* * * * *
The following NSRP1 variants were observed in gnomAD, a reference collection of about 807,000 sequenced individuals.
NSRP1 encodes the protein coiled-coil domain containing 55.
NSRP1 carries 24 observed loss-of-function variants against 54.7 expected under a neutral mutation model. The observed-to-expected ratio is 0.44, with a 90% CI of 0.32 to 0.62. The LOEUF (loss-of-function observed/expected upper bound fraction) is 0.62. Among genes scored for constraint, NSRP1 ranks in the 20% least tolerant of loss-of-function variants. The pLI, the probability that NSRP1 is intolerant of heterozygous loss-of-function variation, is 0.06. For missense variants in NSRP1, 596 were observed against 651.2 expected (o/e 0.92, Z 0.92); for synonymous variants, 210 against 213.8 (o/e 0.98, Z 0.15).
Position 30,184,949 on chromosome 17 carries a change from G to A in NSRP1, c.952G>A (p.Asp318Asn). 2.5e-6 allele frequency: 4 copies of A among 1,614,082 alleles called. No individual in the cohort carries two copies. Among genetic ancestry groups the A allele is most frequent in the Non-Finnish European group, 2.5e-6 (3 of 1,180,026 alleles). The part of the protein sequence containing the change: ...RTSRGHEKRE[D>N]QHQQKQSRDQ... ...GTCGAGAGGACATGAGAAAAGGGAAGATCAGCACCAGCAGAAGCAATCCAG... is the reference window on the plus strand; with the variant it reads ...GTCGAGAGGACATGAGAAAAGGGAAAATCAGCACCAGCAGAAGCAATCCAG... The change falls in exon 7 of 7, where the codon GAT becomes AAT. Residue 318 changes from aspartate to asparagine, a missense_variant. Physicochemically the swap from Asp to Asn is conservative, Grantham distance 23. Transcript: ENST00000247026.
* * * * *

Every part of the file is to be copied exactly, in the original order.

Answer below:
The following NSRP1 variants were observed in gnomAD, a reference collection of about 807,000 sequenced individuals.
NSRP1 encodes the protein coiled-coil domain containing 55.
NSRP1 carries 24 observed loss-of-function variants against 54.7 expected under a neutral mutation model. The observed-to-expected ratio is 0.44, with a 90% CI of 0.32 to 0.62. The LOEUF (loss-of-function observed/expected upper bound fraction) is 0.62. Among genes scored for constraint, NSRP1 ranks in the 20% least tolerant of loss-of-function variants. The pLI, the probability that NSRP1 is intolerant of heterozygous loss-of-function variation, is 0.06. For missense variants in NSRP1, 596 were observed against 651.2 expected (o/e 0.92, Z 0.92); for synonymous variants, 210 against 213.8 (o/e 0.98, Z 0.15).
Position 30,184,949 on chromosome 17 carries a change from G to A in NSRP1, c.952G>A (p.Asp318Asn). 2.5e-6 allele frequency: 4 copies of A among 1,614,082 alleles called. No individual in the cohort carries two copies. Among genetic ancestry groups the A allele is most frequent in the Non-Finnish European group, 2.5e-6 (3 of 1,180,026 alleles). The part of the protein sequence containing the change: ...RTSRGHEKRE[D>N]QHQQKQSRDQ... ...GTCGAGAGGACATGAGAAAAGGGAAGATCAGCACCAGCAGAAGCAATCCAG... is the reference window on the plus strand; with the variant it reads ...GTCGAGAGGACATGAGAAAAGGGAAAATCAGCACCAGCAGAAGCAATCCAG... The change falls in exon 7 of 7, where the codon GAT becomes AAT. Residue 318 changes from aspartate to asparagine, a missense_variant. Physicochemically the swap from Asp to Asn is conservative, Grantham distance 23. Transcript: ENST00000247026.